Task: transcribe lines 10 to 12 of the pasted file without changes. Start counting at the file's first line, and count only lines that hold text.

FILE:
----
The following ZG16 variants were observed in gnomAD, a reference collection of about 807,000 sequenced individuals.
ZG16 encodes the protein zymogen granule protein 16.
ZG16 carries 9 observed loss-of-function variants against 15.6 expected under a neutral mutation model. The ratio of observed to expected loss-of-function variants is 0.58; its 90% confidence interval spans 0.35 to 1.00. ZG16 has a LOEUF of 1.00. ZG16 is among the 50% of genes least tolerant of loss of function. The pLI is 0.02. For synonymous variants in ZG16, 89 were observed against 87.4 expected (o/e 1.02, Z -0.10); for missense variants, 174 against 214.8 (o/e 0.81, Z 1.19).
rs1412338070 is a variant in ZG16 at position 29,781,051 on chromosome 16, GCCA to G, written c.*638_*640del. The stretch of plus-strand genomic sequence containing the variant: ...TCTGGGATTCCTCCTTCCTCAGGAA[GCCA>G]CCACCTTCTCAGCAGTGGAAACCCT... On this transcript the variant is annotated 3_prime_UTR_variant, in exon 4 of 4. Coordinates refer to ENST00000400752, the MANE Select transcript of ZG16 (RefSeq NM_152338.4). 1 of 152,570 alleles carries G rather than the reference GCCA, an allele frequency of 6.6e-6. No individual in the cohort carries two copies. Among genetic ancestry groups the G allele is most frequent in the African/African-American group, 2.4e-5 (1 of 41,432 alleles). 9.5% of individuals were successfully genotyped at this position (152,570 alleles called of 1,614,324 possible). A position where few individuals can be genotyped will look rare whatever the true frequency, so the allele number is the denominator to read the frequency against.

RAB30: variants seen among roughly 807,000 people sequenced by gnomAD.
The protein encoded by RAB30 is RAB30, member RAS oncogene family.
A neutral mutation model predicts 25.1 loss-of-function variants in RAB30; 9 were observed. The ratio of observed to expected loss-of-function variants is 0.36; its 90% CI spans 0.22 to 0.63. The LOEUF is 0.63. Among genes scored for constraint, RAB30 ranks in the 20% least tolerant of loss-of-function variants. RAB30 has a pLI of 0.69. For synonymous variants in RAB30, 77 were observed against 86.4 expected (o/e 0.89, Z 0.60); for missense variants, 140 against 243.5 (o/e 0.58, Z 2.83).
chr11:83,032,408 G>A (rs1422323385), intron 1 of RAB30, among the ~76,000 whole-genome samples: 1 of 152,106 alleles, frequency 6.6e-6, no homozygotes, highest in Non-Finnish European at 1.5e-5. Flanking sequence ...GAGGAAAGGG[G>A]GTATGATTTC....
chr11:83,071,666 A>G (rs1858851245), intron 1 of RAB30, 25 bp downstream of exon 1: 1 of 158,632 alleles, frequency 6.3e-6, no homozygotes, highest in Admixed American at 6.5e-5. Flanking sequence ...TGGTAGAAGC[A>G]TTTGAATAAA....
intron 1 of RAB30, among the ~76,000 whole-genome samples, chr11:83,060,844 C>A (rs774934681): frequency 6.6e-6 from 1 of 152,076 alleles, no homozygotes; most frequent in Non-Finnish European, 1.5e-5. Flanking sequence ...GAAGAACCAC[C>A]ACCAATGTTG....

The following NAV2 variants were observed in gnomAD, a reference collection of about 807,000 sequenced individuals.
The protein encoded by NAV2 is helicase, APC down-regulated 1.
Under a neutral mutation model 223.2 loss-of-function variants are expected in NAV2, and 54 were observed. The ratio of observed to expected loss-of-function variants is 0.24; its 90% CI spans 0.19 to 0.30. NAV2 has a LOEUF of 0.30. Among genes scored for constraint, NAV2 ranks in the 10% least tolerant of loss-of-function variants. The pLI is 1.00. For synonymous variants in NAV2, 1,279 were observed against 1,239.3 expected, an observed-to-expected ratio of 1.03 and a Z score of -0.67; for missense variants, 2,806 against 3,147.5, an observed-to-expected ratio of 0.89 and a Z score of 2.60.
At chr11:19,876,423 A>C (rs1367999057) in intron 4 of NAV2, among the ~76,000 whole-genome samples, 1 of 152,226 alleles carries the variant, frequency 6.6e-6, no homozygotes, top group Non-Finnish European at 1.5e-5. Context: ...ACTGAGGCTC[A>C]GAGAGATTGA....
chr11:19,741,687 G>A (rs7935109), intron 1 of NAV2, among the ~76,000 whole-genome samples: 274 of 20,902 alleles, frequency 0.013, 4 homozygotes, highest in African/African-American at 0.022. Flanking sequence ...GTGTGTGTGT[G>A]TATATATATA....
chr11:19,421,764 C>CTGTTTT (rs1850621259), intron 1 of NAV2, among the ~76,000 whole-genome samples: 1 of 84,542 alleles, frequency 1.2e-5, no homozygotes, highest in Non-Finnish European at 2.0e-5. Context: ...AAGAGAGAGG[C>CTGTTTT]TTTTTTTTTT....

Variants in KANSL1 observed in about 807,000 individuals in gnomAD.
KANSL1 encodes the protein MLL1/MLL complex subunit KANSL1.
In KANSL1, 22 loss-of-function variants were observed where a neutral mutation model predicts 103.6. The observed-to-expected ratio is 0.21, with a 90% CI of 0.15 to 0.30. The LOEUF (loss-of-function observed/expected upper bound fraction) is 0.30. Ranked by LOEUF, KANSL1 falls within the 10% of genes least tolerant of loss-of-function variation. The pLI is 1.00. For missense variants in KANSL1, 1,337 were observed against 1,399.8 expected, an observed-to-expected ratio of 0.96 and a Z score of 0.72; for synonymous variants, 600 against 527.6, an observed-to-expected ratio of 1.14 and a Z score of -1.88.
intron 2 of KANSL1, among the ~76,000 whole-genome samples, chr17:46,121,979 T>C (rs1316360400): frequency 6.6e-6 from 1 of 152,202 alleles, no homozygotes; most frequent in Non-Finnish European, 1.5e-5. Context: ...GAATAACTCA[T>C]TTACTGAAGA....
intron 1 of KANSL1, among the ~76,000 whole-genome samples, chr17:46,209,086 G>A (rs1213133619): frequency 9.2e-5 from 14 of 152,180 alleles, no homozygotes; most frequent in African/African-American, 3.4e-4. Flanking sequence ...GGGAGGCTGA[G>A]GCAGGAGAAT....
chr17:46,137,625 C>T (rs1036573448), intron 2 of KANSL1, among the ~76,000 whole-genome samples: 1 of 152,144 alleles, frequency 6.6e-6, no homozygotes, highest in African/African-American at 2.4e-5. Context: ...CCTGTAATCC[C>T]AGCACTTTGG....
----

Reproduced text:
intron 1 of RAB30, among the ~76,000 whole-genome samples, chr11:83,060,844 C>A (rs774934681): frequency 6.6e-6 from 1 of 152,076 alleles, no homozygotes; most frequent in Non-Finnish European, 1.5e-5. Flanking sequence ...GAAGAACCAC[C>A]ACCAATGTTG....

The following NAV2 variants were observed in gnomAD, a reference collection of about 807,000 sequenced individuals.
The protein encoded by NAV2 is helicase, APC down-regulated 1.